When students complete their time at the university, they are marked with a "remove on" date, which is one year from their completion date. Thirty days before their accounts are to close, we notify users so that they can copy any needed files or data. We also established an exception process for those rare occasions in which short-term access is needed for an already expired account.

Once the LDAP processes have completed, the FIM processes commence. We organize users by primary role (faculty, employee, or student). Depending on an individual's role, we automatically grant them access to common area folders and personal file space. Using FIM and EduPerson codes lets us determine if a person has changed roles (such as from a student employee to just a student, or from an employee to emeriti); in such cases, we notify the department's de-provisioning contact(s). We send notifications for departmental transfers, role changes, and roles that have decreased at the university. Such notifications remind resource owners to use the Group Access Manager to review and remove any shared resource access deemed necessary. We also query resources such as UNIX and AD to determine and report our users' resource access.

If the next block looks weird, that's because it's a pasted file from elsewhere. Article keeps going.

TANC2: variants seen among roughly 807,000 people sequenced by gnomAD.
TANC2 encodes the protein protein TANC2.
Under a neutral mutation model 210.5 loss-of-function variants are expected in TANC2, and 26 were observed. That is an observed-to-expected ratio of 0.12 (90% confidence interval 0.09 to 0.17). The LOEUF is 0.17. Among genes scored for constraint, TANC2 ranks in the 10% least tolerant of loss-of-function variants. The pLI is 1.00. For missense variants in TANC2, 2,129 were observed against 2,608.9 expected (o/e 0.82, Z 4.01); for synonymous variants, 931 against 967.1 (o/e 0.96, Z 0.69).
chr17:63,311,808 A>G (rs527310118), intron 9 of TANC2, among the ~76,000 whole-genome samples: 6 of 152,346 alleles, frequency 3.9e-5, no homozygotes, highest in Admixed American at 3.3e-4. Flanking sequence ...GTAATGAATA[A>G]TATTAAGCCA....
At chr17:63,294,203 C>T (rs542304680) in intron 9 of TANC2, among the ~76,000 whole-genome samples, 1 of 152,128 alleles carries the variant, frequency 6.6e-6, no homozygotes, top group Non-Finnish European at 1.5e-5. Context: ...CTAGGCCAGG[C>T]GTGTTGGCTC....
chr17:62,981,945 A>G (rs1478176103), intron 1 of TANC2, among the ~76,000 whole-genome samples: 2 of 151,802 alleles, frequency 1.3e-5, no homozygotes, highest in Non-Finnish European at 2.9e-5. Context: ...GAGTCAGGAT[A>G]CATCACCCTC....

As figure 3 shows, our team custom-engineered an automated de-provisioning notification process that notifies a department when a user's access level has decreased or a user has transferred to a different department.

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Figure 3. De-provisioning notification

To both receive de-provisioning notifications and act as an archive, we created mailboxes for every department (more than 200 mailboxes in all). As figure 3 shows, the departmental notification is in a Microsoft Excel spreadsheet and contains specific information such as account closure date, the user's name and UAlbany ID, and the transaction type (transfer, role change, or pending closure). The notification also lists any departmental resources owned and any access to Windows resources. This notification helps departmental representatives responsible for handling the rehiring, termination, and transfer of individuals, reminding them to make appropriate HR employment updates as necessary (such as when an individual whose account has closed has been rehired).